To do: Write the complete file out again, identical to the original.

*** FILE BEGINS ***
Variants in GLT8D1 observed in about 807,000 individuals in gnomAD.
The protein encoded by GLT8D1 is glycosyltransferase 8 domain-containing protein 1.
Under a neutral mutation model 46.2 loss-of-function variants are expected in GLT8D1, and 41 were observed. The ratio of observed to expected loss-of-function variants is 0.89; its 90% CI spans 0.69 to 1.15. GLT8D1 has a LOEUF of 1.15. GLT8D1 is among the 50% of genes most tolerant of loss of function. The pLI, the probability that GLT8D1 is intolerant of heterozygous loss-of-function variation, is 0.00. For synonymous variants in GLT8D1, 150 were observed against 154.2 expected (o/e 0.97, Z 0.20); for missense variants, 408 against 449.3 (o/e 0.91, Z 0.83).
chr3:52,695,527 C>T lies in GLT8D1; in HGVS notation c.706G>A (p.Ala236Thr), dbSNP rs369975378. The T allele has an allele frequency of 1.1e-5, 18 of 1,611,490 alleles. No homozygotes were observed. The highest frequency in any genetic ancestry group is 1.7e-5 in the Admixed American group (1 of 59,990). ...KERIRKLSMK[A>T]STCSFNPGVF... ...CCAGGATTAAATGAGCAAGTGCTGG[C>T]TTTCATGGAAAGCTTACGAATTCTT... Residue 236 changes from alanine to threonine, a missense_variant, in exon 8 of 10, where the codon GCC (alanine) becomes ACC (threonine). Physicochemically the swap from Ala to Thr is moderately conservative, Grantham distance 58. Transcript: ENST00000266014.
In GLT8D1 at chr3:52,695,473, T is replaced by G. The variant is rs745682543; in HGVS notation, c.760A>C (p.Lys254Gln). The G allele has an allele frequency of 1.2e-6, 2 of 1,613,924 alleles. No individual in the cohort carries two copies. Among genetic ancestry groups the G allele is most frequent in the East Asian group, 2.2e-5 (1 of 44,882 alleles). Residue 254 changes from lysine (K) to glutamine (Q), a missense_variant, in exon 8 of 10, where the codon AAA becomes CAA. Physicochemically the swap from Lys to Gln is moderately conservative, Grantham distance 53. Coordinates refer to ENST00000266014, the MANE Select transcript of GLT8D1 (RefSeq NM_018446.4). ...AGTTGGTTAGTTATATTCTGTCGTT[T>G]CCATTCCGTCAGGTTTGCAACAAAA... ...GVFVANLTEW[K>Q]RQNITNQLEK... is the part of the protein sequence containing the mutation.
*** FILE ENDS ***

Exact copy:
Variants in GLT8D1 observed in about 807,000 individuals in gnomAD.
The protein encoded by GLT8D1 is glycosyltransferase 8 domain-containing protein 1.
Under a neutral mutation model 46.2 loss-of-function variants are expected in GLT8D1, and 41 were observed. The ratio of observed to expected loss-of-function variants is 0.89; its 90% CI spans 0.69 to 1.15. GLT8D1 has a LOEUF of 1.15. GLT8D1 is among the 50% of genes most tolerant of loss of function. The pLI, the probability that GLT8D1 is intolerant of heterozygous loss-of-function variation, is 0.00. For synonymous variants in GLT8D1, 150 were observed against 154.2 expected (o/e 0.97, Z 0.20); for missense variants, 408 against 449.3 (o/e 0.91, Z 0.83).
chr3:52,695,527 C>T lies in GLT8D1; in HGVS notation c.706G>A (p.Ala236Thr), dbSNP rs369975378. The T allele has an allele frequency of 1.1e-5, 18 of 1,611,490 alleles. No homozygotes were observed. The highest frequency in any genetic ancestry group is 1.7e-5 in the Admixed American group (1 of 59,990). ...KERIRKLSMK[A>T]STCSFNPGVF... ...CCAGGATTAAATGAGCAAGTGCTGG[C>T]TTTCATGGAAAGCTTACGAATTCTT... Residue 236 changes from alanine to threonine, a missense_variant, in exon 8 of 10, where the codon GCC (alanine) becomes ACC (threonine). Physicochemically the swap from Ala to Thr is moderately conservative, Grantham distance 58. Transcript: ENST00000266014.
In GLT8D1 at chr3:52,695,473, T is replaced by G. The variant is rs745682543; in HGVS notation, c.760A>C (p.Lys254Gln). The G allele has an allele frequency of 1.2e-6, 2 of 1,613,924 alleles. No individual in the cohort carries two copies. Among genetic ancestry groups the G allele is most frequent in the East Asian group, 2.2e-5 (1 of 44,882 alleles). Residue 254 changes from lysine (K) to glutamine (Q), a missense_variant, in exon 8 of 10, where the codon AAA becomes CAA. Physicochemically the swap from Lys to Gln is moderately conservative, Grantham distance 53. Coordinates refer to ENST00000266014, the MANE Select transcript of GLT8D1 (RefSeq NM_018446.4). ...AGTTGGTTAGTTATATTCTGTCGTT[T>G]CCATTCCGTCAGGTTTGCAACAAAA... ...GVFVANLTEW[K>Q]RQNITNQLEK... is the part of the protein sequence containing the mutation.